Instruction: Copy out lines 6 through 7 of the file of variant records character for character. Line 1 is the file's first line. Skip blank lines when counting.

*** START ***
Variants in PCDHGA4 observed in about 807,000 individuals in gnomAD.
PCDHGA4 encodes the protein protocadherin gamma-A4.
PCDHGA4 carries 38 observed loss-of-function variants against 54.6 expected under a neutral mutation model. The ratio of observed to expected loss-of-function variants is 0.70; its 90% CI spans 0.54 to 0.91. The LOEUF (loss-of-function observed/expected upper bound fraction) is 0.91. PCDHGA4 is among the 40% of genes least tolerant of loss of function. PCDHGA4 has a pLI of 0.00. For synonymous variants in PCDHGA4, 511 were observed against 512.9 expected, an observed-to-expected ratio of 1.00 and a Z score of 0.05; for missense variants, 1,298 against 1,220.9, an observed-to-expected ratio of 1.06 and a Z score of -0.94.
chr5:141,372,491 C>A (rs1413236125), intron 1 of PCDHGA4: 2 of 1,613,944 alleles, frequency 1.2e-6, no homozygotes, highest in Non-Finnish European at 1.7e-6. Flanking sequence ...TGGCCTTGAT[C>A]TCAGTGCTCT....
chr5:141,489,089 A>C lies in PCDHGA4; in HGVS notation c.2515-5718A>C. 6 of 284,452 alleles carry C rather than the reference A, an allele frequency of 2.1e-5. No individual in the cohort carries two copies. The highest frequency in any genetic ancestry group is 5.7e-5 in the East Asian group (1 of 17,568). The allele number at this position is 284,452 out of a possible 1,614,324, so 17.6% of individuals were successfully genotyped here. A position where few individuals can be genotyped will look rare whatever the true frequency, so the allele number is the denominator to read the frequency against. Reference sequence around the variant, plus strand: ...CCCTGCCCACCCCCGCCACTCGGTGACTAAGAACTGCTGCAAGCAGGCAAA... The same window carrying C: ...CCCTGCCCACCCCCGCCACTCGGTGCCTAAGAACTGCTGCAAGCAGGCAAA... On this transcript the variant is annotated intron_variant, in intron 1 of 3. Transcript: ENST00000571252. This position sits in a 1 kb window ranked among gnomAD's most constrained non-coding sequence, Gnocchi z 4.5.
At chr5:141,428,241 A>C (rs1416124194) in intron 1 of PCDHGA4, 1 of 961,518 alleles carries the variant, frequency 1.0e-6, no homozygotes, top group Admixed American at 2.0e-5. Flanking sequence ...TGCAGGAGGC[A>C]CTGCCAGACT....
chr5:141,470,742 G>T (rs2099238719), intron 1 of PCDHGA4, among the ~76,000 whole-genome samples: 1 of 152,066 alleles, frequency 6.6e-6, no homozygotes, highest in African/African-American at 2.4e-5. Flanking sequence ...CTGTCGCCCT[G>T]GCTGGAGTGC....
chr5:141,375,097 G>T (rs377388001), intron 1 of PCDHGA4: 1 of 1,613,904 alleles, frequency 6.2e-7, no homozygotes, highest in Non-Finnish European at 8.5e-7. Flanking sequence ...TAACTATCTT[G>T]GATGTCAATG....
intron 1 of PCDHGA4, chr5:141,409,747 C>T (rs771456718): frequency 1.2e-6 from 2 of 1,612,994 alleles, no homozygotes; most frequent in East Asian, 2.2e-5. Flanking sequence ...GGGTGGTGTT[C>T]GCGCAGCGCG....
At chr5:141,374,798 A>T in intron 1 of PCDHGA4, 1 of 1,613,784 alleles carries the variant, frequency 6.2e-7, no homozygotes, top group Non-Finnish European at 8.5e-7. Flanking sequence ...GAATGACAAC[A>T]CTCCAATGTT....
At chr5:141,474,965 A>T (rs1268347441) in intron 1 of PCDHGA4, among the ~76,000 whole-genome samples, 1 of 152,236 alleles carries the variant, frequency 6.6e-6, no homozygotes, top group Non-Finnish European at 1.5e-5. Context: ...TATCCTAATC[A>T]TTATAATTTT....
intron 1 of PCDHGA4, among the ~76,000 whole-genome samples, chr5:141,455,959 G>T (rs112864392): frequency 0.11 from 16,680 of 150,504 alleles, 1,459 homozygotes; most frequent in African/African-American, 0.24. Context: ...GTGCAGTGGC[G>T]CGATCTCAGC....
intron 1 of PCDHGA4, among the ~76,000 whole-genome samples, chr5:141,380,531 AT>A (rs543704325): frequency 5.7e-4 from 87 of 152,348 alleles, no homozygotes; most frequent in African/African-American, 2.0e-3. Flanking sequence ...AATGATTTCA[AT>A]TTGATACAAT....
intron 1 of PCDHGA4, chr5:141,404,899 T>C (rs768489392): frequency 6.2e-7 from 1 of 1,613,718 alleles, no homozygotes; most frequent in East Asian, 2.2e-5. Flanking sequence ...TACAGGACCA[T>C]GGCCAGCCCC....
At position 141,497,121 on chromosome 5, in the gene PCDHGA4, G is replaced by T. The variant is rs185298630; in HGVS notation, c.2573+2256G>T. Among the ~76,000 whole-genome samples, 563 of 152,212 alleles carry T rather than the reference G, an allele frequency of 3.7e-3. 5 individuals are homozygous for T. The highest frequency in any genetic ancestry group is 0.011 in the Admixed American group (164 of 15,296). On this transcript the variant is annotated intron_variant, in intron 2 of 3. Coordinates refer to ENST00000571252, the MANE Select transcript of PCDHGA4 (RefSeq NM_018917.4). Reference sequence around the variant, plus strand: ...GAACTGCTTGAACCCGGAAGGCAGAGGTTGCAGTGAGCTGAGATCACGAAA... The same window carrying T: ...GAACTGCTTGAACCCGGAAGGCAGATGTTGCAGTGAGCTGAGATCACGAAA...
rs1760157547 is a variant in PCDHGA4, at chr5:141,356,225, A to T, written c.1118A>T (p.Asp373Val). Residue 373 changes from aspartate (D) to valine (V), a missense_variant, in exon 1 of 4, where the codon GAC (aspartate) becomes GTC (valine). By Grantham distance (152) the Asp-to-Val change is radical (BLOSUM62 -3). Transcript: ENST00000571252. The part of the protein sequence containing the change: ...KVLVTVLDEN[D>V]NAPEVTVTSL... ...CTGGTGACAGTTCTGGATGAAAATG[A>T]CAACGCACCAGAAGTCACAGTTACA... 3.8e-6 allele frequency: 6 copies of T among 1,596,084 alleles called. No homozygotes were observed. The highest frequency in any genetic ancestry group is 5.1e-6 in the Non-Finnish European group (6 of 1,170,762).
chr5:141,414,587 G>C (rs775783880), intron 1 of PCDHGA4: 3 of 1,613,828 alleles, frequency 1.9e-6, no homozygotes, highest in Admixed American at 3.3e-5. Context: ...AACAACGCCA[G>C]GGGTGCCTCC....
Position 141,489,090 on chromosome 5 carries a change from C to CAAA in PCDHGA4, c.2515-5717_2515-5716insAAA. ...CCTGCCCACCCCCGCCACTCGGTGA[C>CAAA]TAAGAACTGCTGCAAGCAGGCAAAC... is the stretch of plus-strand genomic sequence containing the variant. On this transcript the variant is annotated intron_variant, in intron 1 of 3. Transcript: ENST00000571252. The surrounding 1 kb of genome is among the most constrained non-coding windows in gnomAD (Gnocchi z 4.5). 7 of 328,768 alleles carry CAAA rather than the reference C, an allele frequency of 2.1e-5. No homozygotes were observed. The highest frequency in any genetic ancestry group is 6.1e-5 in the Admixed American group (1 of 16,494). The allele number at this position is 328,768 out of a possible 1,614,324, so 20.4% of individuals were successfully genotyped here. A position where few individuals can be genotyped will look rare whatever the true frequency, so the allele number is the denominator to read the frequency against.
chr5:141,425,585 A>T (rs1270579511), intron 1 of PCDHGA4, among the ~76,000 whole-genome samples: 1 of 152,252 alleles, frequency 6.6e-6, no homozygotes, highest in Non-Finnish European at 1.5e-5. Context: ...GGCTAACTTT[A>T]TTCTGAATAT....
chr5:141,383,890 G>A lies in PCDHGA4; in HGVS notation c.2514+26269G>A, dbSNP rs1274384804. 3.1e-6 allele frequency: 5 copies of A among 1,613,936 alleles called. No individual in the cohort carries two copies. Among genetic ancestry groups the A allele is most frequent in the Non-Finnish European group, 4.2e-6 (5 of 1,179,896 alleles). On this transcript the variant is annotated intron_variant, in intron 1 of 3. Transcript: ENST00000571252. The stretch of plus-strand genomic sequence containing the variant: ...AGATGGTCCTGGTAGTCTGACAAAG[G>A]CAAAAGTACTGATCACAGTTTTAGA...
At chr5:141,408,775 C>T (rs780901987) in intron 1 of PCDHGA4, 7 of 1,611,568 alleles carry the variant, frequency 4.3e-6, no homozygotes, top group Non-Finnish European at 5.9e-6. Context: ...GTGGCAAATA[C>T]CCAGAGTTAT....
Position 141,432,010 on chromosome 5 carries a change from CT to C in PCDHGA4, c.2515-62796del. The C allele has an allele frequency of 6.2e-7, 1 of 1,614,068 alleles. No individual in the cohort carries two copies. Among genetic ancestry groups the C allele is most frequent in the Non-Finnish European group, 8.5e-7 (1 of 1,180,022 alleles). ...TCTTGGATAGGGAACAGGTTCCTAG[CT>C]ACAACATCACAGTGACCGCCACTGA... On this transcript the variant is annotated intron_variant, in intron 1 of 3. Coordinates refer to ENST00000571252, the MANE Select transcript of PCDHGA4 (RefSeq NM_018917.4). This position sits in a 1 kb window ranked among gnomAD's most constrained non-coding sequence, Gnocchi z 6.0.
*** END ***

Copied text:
At chr5:141,428,241 A>C (rs1416124194) in intron 1 of PCDHGA4, 1 of 961,518 alleles carries the variant, frequency 1.0e-6, no homozygotes, top group Admixed American at 2.0e-5. Flanking sequence ...TGCAGGAGGC[A>C]CTGCCAGACT....
chr5:141,470,742 G>T (rs2099238719), intron 1 of PCDHGA4, among the ~76,000 whole-genome samples: 1 of 152,066 alleles, frequency 6.6e-6, no homozygotes, highest in African/African-American at 2.4e-5. Flanking sequence ...CTGTCGCCCT[G>T]GCTGGAGTGC....